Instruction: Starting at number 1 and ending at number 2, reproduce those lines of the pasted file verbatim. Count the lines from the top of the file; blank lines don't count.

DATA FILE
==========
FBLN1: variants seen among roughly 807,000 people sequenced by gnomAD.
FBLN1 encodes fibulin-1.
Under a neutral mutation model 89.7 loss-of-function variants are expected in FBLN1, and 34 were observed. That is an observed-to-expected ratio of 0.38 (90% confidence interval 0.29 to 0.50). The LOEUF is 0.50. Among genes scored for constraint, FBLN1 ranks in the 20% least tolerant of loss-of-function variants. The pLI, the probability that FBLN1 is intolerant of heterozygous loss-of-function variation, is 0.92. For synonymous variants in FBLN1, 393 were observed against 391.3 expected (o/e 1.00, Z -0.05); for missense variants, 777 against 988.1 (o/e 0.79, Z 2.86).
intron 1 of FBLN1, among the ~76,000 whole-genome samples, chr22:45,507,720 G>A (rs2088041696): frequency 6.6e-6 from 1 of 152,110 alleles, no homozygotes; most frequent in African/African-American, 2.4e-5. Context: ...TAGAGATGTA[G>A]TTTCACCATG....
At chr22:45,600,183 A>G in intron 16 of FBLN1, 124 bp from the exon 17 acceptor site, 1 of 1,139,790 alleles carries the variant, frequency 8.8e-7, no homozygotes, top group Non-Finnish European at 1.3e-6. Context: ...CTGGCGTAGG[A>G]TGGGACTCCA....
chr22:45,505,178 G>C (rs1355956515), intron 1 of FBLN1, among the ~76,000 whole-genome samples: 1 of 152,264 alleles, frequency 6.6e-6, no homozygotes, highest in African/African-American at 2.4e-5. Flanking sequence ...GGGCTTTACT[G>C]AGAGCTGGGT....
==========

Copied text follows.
FBLN1: variants seen among roughly 807,000 people sequenced by gnomAD.
FBLN1 encodes fibulin-1.